Have you all every heard the quote “absence of disease is not health?” I recently heard a psychologist paraphrase that in a TED talk and it really left me thinking about health, fitness, and, of course, endurance training.
Webster’s dictionary defines endurance as:
The ability to withstand hardship or adversity; especially: the ability to sustain a prolonged stressful effort or activity.
CrossFit Endurance defines the program as:
An endurance sports training program dedicated to improving performance, fitness and endurance sports potential. This program only requires 6-8 hours per week to COMPETE at Ultra/Ironman distances.
So in-order to endure something like a marathon must someone train via long slow distances (10-12 hours a week) or would sustaining a regular schedule of high intensity activity suffice? We could certainly argue both but there is also a saying out there that says “time is money” and frankly my time is precious, so I personally prefer the 6-8 hour alternative.
How does it work?
Without getting too scientific on you and throwing down anaerobic vs aerobic or referencing phospho-creatine, I pose this question for all you runners out there. “Besides race day, at any point in your training did your legs ever seize up and feel as though they were going to stop functioning?”
Wild guess but I am going to go with, “No.”
That feeling on race day is lactic acid build up and generally happens around mile 21 of a full marathon or mile 10 of a half. Overcoming that feeling it is really what makes long distance races a massive accomplishment. The reason runners don’t get to this feeling in their training is because traditional programming doesn’t have you run more then 21 miles pre-race day.
Now I ask folks that have been coming to endurance class on Sundays, “When was the last time your legs felt like that?”
Yup, you guessed it… just last Sunday. You don’t need to spend 3 hours to get to that state, give me 10-90 minutes of your time and we will tick that box.
Those that train via the long slow distance methodology will argue that there is a mental preparedness which makes the 2 plus hour training runs vital which I couldnt agree more with. That it is just that, mental. Just kidding, in all honesty I do 100% agree races are largely a mental feat, not just mind over matter but also you are in your own head for the duration of the race, just you and your thoughts. I struggle in an hour long yoga class, me and my thoughts just don’t like hanging out that intimately. As such, I prefer to save our 1-on-1 time for my 10 minute morning meditation and the eventual race day. But I have good news when it comes to developing the mental strength of will and determination because that too can be achieved through endurance class. There is good reason that the workout ‘Death by 100m’ has its name, because you, in fact, think you are going to die.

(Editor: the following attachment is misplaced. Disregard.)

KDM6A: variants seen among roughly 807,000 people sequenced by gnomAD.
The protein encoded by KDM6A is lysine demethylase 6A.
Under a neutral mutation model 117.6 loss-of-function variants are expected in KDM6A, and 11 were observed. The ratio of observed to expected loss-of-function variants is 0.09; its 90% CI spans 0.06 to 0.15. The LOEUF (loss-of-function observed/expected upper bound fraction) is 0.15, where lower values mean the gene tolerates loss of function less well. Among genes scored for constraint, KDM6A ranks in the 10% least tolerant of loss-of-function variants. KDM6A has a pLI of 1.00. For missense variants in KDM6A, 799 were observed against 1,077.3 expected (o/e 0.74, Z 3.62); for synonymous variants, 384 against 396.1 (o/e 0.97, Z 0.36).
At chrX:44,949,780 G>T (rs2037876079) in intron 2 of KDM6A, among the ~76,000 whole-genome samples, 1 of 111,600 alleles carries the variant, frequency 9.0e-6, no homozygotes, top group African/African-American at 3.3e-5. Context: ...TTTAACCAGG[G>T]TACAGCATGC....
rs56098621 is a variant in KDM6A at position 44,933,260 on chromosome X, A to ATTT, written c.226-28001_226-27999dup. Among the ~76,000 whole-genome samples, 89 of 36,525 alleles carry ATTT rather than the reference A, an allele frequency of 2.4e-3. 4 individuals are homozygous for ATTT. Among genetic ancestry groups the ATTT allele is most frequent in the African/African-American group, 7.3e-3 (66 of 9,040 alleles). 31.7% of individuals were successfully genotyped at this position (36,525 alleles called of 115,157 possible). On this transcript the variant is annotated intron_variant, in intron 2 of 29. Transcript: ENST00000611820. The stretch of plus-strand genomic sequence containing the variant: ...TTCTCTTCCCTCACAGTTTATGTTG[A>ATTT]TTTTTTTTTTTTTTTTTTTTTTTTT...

All that being said, the intention of this post is not to lure you to my wicked ways. It is truly to diminish the 3 myths of endurance class:
1. If you are training for an endurance event, be it a 5k or ultramarathon, all relative to the athlete, long-slow distance training isn’t the only way to prepare.
2. For those of you that may think Endurance class on Sundays is a long-slow-distance run, it is not. Though on occasion we may toss a 10k into the hopper.
3. Despite the picture I may have haphazardly painted Endurance class is not just for the runner or race trainer. In alignment with FFOTB’s general physical preparedness philosophy, endurance class is scaleable across all athletes. It can improve your stamina for when you are chasing your kid, crushing a workout, running a marathon, or just ensure you are not exhausted after walking the dog.
Above and beyond everything keep doing your darm thing and continue to get moving everyday.
See you on Sunday!
12 KB Swings (2/1.5)
-Rest 2 min-
6 Deadlifts (275/185)
12 Over the Bar Burpees